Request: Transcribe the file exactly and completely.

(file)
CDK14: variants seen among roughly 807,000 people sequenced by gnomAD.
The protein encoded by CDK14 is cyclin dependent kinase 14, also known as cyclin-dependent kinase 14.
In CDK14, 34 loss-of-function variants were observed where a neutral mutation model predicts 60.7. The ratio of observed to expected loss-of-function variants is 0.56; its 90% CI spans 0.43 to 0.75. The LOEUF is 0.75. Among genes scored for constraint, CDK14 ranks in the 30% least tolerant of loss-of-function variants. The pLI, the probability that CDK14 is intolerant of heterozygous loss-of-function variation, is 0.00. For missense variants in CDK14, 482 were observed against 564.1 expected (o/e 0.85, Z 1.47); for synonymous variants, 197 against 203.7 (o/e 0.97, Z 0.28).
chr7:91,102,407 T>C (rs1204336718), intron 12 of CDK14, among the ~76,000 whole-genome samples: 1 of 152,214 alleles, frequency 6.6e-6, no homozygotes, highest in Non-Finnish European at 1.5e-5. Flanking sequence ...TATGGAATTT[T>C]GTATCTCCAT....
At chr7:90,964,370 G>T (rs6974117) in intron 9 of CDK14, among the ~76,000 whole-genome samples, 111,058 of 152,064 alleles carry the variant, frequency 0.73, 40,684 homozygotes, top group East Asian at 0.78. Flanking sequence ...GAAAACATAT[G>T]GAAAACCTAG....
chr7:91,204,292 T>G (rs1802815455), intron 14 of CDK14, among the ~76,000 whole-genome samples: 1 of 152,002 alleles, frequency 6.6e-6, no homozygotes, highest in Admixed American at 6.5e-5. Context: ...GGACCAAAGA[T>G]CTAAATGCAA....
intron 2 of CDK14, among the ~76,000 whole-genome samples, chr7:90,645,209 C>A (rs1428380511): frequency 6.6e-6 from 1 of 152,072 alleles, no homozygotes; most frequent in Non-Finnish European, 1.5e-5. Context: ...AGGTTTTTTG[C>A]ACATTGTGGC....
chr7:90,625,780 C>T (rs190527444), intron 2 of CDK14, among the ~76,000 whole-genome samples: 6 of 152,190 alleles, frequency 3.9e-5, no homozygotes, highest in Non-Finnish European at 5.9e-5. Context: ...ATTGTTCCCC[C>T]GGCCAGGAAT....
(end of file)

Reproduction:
CDK14: variants seen among roughly 807,000 people sequenced by gnomAD.
The protein encoded by CDK14 is cyclin dependent kinase 14, also known as cyclin-dependent kinase 14.
In CDK14, 34 loss-of-function variants were observed where a neutral mutation model predicts 60.7. The ratio of observed to expected loss-of-function variants is 0.56; its 90% CI spans 0.43 to 0.75. The LOEUF is 0.75. Among genes scored for constraint, CDK14 ranks in the 30% least tolerant of loss-of-function variants. The pLI, the probability that CDK14 is intolerant of heterozygous loss-of-function variation, is 0.00. For missense variants in CDK14, 482 were observed against 564.1 expected (o/e 0.85, Z 1.47); for synonymous variants, 197 against 203.7 (o/e 0.97, Z 0.28).
chr7:91,102,407 T>C (rs1204336718), intron 12 of CDK14, among the ~76,000 whole-genome samples: 1 of 152,214 alleles, frequency 6.6e-6, no homozygotes, highest in Non-Finnish European at 1.5e-5. Flanking sequence ...TATGGAATTT[T>C]GTATCTCCAT....
At chr7:90,964,370 G>T (rs6974117) in intron 9 of CDK14, among the ~76,000 whole-genome samples, 111,058 of 152,064 alleles carry the variant, frequency 0.73, 40,684 homozygotes, top group East Asian at 0.78. Flanking sequence ...GAAAACATAT[G>T]GAAAACCTAG....
chr7:91,204,292 T>G (rs1802815455), intron 14 of CDK14, among the ~76,000 whole-genome samples: 1 of 152,002 alleles, frequency 6.6e-6, no homozygotes, highest in Admixed American at 6.5e-5. Context: ...GGACCAAAGA[T>G]CTAAATGCAA....
intron 2 of CDK14, among the ~76,000 whole-genome samples, chr7:90,645,209 C>A (rs1428380511): frequency 6.6e-6 from 1 of 152,072 alleles, no homozygotes; most frequent in Non-Finnish European, 1.5e-5. Context: ...AGGTTTTTTG[C>A]ACATTGTGGC....
chr7:90,625,780 C>T (rs190527444), intron 2 of CDK14, among the ~76,000 whole-genome samples: 6 of 152,190 alleles, frequency 3.9e-5, no homozygotes, highest in Non-Finnish European at 5.9e-5. Context: ...ATTGTTCCCC[C>T]GGCCAGGAAT....